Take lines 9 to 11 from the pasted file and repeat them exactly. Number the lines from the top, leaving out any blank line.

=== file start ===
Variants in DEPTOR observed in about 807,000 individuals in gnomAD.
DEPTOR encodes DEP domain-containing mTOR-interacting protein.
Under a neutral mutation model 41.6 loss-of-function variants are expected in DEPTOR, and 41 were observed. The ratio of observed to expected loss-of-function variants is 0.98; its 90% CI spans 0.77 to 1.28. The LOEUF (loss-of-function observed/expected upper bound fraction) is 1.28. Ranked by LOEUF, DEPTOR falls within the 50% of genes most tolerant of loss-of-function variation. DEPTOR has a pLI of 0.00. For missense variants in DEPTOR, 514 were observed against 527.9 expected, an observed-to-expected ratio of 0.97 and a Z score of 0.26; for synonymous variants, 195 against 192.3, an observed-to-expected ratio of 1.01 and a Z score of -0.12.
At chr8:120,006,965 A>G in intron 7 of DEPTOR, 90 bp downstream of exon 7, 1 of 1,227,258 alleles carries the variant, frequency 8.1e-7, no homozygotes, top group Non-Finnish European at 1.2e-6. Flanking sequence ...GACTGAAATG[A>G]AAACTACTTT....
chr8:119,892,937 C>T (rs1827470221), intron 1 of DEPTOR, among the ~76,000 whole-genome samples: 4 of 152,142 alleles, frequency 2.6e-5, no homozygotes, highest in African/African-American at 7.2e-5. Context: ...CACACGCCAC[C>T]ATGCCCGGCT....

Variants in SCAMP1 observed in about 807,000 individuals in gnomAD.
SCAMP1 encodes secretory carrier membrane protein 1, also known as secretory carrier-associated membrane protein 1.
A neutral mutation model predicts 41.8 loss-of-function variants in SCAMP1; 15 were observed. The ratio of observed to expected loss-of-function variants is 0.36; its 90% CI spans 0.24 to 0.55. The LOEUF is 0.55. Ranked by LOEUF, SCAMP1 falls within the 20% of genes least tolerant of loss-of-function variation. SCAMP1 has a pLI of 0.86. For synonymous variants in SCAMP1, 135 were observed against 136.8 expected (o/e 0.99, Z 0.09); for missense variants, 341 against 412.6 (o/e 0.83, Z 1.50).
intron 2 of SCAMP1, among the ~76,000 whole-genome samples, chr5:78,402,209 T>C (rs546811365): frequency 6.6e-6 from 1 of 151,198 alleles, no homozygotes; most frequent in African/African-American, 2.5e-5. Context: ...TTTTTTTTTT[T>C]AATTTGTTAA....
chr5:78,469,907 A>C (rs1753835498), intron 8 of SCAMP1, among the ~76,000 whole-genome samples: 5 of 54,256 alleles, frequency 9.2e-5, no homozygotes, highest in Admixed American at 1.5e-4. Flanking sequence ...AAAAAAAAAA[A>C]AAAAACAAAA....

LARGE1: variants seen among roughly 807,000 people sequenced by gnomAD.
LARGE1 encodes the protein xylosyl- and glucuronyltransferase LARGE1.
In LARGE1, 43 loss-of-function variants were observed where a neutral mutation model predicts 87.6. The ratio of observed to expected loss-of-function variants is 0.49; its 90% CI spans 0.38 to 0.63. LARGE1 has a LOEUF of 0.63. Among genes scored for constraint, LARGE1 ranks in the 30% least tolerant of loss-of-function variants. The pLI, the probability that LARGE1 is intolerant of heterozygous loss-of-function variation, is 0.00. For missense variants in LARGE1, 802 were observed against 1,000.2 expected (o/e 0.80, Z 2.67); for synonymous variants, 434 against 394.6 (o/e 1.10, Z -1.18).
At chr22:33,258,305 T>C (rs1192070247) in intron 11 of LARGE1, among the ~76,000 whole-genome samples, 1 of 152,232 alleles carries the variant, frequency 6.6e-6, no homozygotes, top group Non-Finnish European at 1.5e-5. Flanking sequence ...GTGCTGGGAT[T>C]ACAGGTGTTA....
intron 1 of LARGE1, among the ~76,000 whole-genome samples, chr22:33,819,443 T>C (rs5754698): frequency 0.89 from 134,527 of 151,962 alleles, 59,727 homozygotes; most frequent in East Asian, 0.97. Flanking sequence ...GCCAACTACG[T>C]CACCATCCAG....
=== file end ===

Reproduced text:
intron 2 of SCAMP1, among the ~76,000 whole-genome samples, chr5:78,402,209 T>C (rs546811365): frequency 6.6e-6 from 1 of 151,198 alleles, no homozygotes; most frequent in African/African-American, 2.5e-5. Context: ...TTTTTTTTTT[T>C]AATTTGTTAA....
chr5:78,469,907 A>C (rs1753835498), intron 8 of SCAMP1, among the ~76,000 whole-genome samples: 5 of 54,256 alleles, frequency 9.2e-5, no homozygotes, highest in Admixed American at 1.5e-4. Flanking sequence ...AAAAAAAAAA[A>C]AAAAACAAAA....

LARGE1: variants seen among roughly 807,000 people sequenced by gnomAD.